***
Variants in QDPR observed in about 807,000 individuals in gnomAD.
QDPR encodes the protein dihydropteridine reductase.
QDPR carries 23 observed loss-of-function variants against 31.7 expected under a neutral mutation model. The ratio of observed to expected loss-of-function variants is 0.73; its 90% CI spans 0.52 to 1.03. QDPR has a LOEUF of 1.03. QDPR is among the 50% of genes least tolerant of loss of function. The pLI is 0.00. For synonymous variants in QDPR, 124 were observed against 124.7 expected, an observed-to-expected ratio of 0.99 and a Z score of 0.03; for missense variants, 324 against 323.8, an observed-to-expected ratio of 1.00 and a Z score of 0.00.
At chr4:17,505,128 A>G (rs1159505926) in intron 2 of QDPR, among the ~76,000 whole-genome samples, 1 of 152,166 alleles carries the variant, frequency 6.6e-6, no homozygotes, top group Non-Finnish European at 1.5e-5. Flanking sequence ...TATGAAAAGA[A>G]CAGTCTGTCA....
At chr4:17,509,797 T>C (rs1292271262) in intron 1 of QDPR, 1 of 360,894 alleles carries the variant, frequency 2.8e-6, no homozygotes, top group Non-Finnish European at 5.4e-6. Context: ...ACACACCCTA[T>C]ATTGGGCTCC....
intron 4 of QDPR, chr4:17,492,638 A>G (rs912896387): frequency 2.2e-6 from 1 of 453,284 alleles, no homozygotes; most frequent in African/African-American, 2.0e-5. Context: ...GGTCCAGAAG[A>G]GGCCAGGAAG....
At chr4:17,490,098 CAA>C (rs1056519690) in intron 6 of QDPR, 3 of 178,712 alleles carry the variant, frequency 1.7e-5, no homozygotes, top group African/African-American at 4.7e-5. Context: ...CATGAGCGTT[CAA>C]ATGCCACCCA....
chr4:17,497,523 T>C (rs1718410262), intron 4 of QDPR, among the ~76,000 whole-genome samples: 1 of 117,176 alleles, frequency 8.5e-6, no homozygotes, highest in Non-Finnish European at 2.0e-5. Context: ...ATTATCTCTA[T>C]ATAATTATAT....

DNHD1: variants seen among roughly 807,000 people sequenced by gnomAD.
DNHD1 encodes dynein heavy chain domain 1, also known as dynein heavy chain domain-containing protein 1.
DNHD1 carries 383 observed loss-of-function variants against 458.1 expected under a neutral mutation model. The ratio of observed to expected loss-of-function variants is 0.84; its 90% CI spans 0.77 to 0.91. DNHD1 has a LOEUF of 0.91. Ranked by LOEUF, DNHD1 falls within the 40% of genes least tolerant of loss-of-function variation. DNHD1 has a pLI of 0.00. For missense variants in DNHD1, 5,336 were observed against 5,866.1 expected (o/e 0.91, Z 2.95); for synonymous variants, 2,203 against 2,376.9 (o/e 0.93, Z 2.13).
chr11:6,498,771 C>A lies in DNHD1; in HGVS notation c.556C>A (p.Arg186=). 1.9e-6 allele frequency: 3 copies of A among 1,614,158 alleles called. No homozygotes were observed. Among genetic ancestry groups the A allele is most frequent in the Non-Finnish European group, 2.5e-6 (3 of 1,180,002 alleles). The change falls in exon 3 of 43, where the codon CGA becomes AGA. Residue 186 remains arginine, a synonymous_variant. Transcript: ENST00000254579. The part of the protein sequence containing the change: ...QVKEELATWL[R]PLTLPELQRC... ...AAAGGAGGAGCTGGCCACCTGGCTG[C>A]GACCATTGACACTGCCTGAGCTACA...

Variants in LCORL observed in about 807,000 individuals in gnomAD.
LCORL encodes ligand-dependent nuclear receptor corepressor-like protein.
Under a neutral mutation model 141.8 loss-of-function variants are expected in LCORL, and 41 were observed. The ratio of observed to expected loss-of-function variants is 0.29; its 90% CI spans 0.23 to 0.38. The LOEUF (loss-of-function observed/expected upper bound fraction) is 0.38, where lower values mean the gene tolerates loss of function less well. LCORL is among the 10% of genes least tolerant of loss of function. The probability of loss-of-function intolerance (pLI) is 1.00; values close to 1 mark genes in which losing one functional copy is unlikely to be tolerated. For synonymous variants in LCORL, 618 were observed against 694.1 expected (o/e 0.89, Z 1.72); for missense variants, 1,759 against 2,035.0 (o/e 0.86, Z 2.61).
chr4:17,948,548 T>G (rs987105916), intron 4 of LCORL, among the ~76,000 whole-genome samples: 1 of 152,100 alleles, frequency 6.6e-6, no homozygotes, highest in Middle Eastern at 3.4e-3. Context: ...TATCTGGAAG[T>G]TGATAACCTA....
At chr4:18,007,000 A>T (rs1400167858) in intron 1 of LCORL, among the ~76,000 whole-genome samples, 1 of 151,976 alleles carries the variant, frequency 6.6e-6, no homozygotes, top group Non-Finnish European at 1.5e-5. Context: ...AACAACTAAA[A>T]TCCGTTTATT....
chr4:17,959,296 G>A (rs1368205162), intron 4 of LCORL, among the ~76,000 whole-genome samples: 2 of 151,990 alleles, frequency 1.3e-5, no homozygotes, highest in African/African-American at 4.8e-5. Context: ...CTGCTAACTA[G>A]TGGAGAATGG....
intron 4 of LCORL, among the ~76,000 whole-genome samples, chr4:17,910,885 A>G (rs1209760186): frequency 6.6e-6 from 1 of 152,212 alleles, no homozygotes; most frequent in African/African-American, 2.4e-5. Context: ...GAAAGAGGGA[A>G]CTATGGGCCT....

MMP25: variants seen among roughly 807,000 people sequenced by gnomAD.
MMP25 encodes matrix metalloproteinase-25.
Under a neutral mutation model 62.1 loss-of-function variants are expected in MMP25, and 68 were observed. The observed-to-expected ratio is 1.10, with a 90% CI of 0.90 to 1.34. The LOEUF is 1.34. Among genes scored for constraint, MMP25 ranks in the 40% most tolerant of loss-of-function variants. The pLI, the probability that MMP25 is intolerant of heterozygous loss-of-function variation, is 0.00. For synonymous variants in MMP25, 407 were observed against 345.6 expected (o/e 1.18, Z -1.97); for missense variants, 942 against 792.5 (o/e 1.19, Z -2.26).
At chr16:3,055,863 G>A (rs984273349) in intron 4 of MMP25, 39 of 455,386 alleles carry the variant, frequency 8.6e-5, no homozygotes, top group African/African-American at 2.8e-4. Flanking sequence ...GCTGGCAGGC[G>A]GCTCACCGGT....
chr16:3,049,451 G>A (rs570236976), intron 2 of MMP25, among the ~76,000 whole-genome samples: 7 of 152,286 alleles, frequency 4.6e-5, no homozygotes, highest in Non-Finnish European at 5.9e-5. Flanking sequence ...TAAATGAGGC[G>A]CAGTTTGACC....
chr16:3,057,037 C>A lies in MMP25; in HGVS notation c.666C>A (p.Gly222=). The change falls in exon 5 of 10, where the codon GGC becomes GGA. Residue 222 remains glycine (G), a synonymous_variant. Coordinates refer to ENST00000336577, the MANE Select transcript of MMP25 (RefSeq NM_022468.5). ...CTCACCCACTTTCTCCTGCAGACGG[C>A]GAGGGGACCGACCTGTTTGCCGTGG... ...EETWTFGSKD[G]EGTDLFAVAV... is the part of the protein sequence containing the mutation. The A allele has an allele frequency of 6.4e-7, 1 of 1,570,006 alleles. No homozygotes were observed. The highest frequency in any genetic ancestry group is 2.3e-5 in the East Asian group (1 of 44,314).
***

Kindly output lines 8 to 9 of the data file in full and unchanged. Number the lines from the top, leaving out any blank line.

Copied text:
chr4:17,497,523 T>C (rs1718410262), intron 4 of QDPR, among the ~76,000 whole-genome samples: 1 of 117,176 alleles, frequency 8.5e-6, no homozygotes, highest in Non-Finnish European at 2.0e-5. Context: ...ATTATCTCTA[T>C]ATAATTATAT....

DNHD1: variants seen among roughly 807,000 people sequenced by gnomAD.